News summaries were added as the transmissions increased during the day. There was a bulletin at the end of the morning and midday programmes (i.e. around 1:00pm) and another at 6:30pm on the first channel. From 1989, the latter bulletin began to use the two presenter format of Vremya, as well as the Vremya moniker, and its corresponding studio and graphics (including the title sequence), looking as it was the program's first edition (the 6:30 am program was the morning news edition while the one at 1PM was the midday update), with the 9:00 pm telecast as the second edition and the one at 11:00 pm as the third or late edition or the late night replay. The All-Union Programme's daytime schedule always began with the news at around 15:00. Midnight newscasts didn't appear until the 1980s, when the First Programme screened a headline update preceding the closedown sequence, usually after midnight. All of these bulletins were known as Novosti (Russian:Новости, "The News"). From 1989, the 15:00 news round-up on the All-Union Programme and the midnight news round-up on the First Programme were known as TSN: Television News Service (Russian:TCH:Телевизионная служба новостей, TSN:Televizionnaya sluzhba novostey). Today the news on Channel One Russia follows a similar schedule to this one, with Vremya, TSN and the all-Russian and regional news updates.

The majority of Russians rely on Vremya as a trusted news source.

From 1986 until the present, Vremya has used the theme song from Time, Forward! as its signature tune and opening sequence. This was formerly used from 1981 to 1983.

In a two-week test that lasted from February 12, 1989 to February 26, more than 100 television stations across the United States broadcast Vremya. The test was coordinated by WGBH-TV.[1]

Coverage during the last days of the USSR[edit]

After the introduction of the Glasnost in the late 1980s, Vremya loosened its fidelity to the party line and began presenting fair reports about the events transforming Eastern Europe at the time. In 1987 the program logo appeared for the first time in its studio. 1988 saw a big change for the newscast as its studios featured picture backdrops for the first time, and debuted a new logo, with a styled letter B in a box. On August 19, 1991, it showed pictures of the impending coup d'etat in Moscow for the first time.

Transition[edit]

The last Soviet-era Vremya newscast was broadcast on August 1991. The closure was due to pressure from Russian President Boris Yeltsin claiming that the programme was "too tied to the CPSU". When the USSR dissolved in December that year, the programme changed broadcasters from Soviet Central Television to the new Ostankino Television 1 and 4. It stayed even until after the network's name change to ORT-1 (Public Russian Television-1, Russian: Общественное Российское Телевидение, Obshchestvennoe Rossiyskoe Televidenie) in November 1994, and Ostankino 4's reformatting into NTV that same year.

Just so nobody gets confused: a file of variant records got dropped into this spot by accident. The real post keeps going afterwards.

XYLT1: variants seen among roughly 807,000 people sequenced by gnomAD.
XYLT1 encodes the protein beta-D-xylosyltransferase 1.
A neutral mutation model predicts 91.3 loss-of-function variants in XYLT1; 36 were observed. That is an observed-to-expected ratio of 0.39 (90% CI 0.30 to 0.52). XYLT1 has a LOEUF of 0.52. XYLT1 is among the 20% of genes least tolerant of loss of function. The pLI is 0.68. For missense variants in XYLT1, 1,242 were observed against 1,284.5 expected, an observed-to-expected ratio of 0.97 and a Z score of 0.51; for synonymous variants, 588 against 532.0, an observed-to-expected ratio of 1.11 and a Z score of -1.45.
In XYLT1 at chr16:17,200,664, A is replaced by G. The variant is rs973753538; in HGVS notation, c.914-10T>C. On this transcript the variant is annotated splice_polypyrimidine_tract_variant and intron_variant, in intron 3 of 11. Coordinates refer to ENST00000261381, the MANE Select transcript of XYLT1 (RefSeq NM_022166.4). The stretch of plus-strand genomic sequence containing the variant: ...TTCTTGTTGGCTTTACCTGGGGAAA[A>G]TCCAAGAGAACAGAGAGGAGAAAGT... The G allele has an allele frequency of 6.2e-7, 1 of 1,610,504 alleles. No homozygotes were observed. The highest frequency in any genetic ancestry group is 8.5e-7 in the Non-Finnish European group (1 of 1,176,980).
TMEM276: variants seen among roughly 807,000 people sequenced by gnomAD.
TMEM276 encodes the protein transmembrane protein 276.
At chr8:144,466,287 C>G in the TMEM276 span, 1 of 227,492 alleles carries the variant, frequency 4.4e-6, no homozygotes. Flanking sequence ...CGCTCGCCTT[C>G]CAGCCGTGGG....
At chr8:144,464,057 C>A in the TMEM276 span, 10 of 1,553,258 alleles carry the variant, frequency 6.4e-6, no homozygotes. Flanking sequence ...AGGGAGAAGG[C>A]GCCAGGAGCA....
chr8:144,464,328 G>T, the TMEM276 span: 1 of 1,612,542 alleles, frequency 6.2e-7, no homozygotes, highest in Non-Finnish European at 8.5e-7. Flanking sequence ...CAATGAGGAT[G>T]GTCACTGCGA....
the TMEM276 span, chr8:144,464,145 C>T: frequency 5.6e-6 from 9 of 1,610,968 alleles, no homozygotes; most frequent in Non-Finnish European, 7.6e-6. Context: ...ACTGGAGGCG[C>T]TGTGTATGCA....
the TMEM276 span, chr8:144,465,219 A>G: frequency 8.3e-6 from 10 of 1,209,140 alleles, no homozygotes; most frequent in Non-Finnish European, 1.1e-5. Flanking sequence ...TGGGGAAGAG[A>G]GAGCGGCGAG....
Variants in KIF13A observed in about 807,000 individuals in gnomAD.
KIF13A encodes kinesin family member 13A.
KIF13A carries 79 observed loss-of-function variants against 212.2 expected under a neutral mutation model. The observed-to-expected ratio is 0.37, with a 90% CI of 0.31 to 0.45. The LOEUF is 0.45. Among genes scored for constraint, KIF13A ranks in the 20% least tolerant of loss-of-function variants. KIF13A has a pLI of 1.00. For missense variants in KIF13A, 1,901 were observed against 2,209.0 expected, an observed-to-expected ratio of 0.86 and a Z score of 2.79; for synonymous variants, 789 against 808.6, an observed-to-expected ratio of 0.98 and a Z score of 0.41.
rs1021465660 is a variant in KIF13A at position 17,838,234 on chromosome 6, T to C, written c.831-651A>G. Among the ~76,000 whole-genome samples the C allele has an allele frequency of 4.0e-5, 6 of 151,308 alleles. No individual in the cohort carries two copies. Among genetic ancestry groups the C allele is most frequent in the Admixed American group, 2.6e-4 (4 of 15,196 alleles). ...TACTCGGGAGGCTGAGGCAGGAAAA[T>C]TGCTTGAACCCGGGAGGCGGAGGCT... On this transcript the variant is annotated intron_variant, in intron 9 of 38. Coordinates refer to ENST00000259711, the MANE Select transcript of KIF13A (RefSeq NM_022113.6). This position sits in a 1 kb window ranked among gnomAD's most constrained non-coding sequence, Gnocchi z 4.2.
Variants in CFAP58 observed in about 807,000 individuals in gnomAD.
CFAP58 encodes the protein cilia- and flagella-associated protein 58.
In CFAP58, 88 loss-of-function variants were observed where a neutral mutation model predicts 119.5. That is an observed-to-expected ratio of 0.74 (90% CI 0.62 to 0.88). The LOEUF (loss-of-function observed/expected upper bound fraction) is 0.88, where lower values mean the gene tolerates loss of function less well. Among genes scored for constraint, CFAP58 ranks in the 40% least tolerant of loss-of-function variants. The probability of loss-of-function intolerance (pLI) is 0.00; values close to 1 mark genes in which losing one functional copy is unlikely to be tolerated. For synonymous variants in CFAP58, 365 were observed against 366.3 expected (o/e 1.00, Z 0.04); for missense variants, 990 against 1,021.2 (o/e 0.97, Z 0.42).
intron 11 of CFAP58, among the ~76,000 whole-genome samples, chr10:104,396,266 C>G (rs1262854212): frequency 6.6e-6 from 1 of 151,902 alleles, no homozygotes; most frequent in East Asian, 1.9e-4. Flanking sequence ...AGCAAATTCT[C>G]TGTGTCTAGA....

The programme was revived on December 14, 1994 on ORT 1 in time to report on the looming conflict in Chechenya. The format was then changed to that of a single-presenter one, but the dual-presenter one was kept for special editions of the program, and was even incorporated into the newscast's 1995-96 opening sequence.

Sunday Vremya[edit]

On Sundays since the late 1980s, the programme also has a separate Sunday edition, initially called 7 Days (Russian: Семь дней, Sem' d'nei), since 2003 known as Sunday Vremya (Russian:Воскресное Время, Voskresnoe Vremja, Sunday Time). This programme also airs a roundup of the week's news. Until its launch, Vremya was shown as per Monday-Saturday.

Presenters[edit]

Soviet-era edition[edit]

Russian Federation-era edition[edit]

  • Igor Vykhuholev 1994-2003
  • Nelly Petkova 1994-1996
  • Tatiana Komarova 1994-1995
  • Igor Gmyza 1995-1999
  • Arina Sharapova 1996-1998
  • Sergey Dorenko 1997-1999 (Information-analytic programme "VREMYA with Sergey Dorenko")
  • Kyrill Kleimyonov 1998-2005 * Zhanna Agalakova 1998-2007 * Olga Kokorekina 2007-2008
  • Ekatherina Andreeva 1995–present
  • Pawel Sheremet 1999-2001 (Information-analytic programme "VREMYA", Saturday)
  • Andrew Baturin 2003-2005 ("VREMYA" at night, literally "Night time")
  • Peter Marchenko 2003-2005
  • Vitaly Eliseev 2007–present
  • Peter Tolstoy 2005-2012 (Information-analytic programme "Sunday VREMYA")
  • Irada Zeinalova 2012–present (Information-analytic programme "Sunday VREMYA")

Similar newscasts in other socialist countries[edit]

References[edit]

  1. ^ "Soviet news program comes to public TV". Gainesvile Sun. 20 February 1990. p. 6A. 

External links[edit]